Issyk Kul (Kyrgyz: Ысык көл Ysyk Köl, Russian: Иссык-Куль) is a lake in Kyrgyzstan. The name refers both to the lake and the oblast (region) containing the lake. The region is centered around the massive Issyk Kul lake, which is the second largest alpine lake in the world. It is completely ringed by the massive snow-capped Tian Shan mountains that lie between 3,000 and 4,000 m.
Cities and villages
- 1 Balykchy – the gateway to Issyk Kul, Balykchy is a small, dying industrial center on the western shore, and a former fishing town, with a train service from Bishkek through the beautiful Chui Valley
- 2 Bokonbayevo – a laid-back village east of Tamga, for horse treks and eagle shows
- 3 Cholpon-Ata – an upscale summer resort town and central city for tourism surrounded by mountains, with the popular Grigorievskoe Trail nearby and most of the resorts within 50 km
- 4 Kadji Sai – a small lakeside picturesque town, where you can (literally!) have a radioactive bath, climb the nearby Tashta Ata Mountain, or have a magnificent view from the Shatyly Panorama outlook. Its twin village Kadji-Sai 2 is a popular beach resort at the highway
- 5 Tamchy – mainly a beach resort, overnight yurt stays and horseback riding trips can be arranged here, too
- 6 Tamga – town with a red sand beach; named after the nearby petroglyphs
There are plenty of smaller villages at lake shore, with cheaper accommodation and less tourists.
Issyk Kul is a slightly saline deep water body. Years of over-fishing have decimated its fisheries and many of the smoked fish sold in the surrounding cities come from other alpine lakes. Due to a lack of reasonable control on tourism, many sub-standard and unfinished low quality tourism resorts ring the lake's north shore. Nevertheless, there still remain numerous places to appreciate the true beauty of Issyk Kul.
A mountain pass road being constructed between Issyk Kul and Almaty, Kazakhstan is set to increase the number of tourists in the coming years and without government controls on development, exposing the lake to more tourists will only deplete its natural beauty. The Issyk Kul lake reaches to 663 m deep in the center. The east end of the lake was also once used as a torpedo testing site by the Soviet Navy, making the region off limits to foreigners for a period of time. Issyk Kul is divided between the more populated and touristy North Shore and the more rugged and less populated South Shore.
Russian and Kyrgyz are the primary languages. Some hospitality staff may speak English, but it is much more helpful to know basic Russian.
The simplest way to reach Issyk Kul is by minibus from Bishkek western bus station (Западный автовокзал Zapadniy avtovokzal). There are minibuses that goes over northern or southern shore, you can arrange with driver to stop at your desired village. The price is 280 som to Cholpon Ata and about 350 som to Karakol.
You can arrange a van or taxi from Almaty or Bishkek. A hired driver one-way from Bishkek will cost up to US$100. Leave from the western bus station (Западный автовокзал Zapadniy avtovokzal) to get to Issyk Kul. A seat in a 4-person shared car to Cholpon Ata will cost about 500–1000 som. Beware that prices may differ largely between different drivers and be prepared to bargain. You may wish to team up with other travelers (or locals) and negotiate a price together, locals often pleased to ensure that you pay the local fare. Prices may be higher on weekends or peak season.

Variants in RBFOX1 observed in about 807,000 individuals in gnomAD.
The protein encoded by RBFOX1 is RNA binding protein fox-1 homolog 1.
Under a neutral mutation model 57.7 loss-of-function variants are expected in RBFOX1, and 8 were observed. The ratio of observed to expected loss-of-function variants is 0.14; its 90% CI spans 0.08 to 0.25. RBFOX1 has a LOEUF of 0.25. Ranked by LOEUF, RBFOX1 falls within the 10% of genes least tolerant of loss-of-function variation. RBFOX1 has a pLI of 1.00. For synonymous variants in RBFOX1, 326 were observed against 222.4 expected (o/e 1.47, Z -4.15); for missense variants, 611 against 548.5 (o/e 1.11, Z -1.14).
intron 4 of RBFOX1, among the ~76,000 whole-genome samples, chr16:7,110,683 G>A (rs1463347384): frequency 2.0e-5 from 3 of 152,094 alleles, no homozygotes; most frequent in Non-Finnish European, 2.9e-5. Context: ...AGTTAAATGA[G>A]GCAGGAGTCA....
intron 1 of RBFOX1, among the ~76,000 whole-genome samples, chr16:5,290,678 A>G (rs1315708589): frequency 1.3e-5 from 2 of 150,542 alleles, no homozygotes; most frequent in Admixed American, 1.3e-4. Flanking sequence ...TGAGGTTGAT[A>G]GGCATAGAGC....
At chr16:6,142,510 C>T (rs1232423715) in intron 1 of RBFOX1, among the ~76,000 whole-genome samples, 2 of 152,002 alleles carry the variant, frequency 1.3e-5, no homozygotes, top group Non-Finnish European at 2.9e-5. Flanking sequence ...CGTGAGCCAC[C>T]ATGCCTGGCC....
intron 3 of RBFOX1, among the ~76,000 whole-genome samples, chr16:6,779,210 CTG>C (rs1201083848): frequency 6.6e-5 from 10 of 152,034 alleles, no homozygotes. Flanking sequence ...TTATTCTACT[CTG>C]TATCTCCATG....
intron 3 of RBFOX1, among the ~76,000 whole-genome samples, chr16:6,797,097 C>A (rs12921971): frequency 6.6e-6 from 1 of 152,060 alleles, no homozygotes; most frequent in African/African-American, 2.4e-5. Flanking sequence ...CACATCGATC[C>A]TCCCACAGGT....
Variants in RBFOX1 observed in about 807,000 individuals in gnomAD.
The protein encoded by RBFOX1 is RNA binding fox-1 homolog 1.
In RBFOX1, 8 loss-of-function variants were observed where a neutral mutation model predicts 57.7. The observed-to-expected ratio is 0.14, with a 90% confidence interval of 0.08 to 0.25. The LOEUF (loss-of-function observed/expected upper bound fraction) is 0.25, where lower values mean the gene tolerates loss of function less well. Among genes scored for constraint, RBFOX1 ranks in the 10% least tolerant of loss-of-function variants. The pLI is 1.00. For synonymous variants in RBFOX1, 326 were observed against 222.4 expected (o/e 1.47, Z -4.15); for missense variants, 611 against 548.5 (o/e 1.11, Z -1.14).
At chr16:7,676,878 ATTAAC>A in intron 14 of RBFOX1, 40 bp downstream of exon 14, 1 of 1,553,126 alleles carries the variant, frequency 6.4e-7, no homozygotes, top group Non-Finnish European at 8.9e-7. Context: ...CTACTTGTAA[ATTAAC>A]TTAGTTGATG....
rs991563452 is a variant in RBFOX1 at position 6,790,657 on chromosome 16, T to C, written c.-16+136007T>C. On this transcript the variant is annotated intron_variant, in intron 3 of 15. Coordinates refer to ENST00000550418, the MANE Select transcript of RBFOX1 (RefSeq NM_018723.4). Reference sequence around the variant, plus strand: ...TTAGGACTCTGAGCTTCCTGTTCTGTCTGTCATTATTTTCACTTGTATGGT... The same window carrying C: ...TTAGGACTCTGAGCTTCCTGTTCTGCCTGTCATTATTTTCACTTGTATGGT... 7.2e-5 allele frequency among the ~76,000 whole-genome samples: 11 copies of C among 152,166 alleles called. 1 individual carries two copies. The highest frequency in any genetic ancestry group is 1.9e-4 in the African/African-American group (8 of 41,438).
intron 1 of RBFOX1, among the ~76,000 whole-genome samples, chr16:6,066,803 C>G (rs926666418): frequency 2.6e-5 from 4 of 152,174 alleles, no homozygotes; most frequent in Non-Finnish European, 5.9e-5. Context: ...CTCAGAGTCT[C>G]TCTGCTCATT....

There is also a scenic train ride from Bishkek to Balykchy (see here for more details). The train is slower than bus or taxi, and there is only one train to Balykchy departing early morning and returning back at afternoon. But the train ride boasts amazing views of the mountain pass. And the tickets are very cheap, for 69 som.
All of the larger cities have bus stations with frequent marshrutkas. If you are in a smaller city, town or village, you might have to head to the highway around the lake to catch a marshrutka.
Hitching a ride around the lake or into any direction is easy—see Kyrgyzstan#By autostop. This can be especially useful if you leave the main road around the lake and head for instance into the mountains, where there is no public transport.
Most bus stations have a taxi stand nearby where you can negotiate additional rides. But also in smaller cities, towns or villages, you can just ask around for a car and driver—there are plenty.
The locally published Spektator magazine had an online guide to circumnavigating Issyk Kul.
Issyk Kul is also ringed by hundreds of kilometers of beaches popular for swimming and sunning.
Most of the restaurants serve "national and European" cuisine, which amounts to local and Russian food. There are few restaurants catering to western tastes. Most locals pack their own food and prepare in their hotel rooms and on the beach. You can find numerous shashlik stands in the summer serving marinated grilled lamb and beef.
Some locals believe drinking the slightly saline water of Issyk Kul has health benefits. But, there is a uranium tailing pond on the south shore, that likely runs off into the lake.
There are no lifeguards at any of the beaches. There are no nudist beaches and women being topless is quite rare, but local custom has no aversion to extremely skimpy swimsuits.
Beware, as the lake sits at 1,600 m above sea level, the UV rays are far more damaging to your skin than they are at sea level. Wear sunscreen.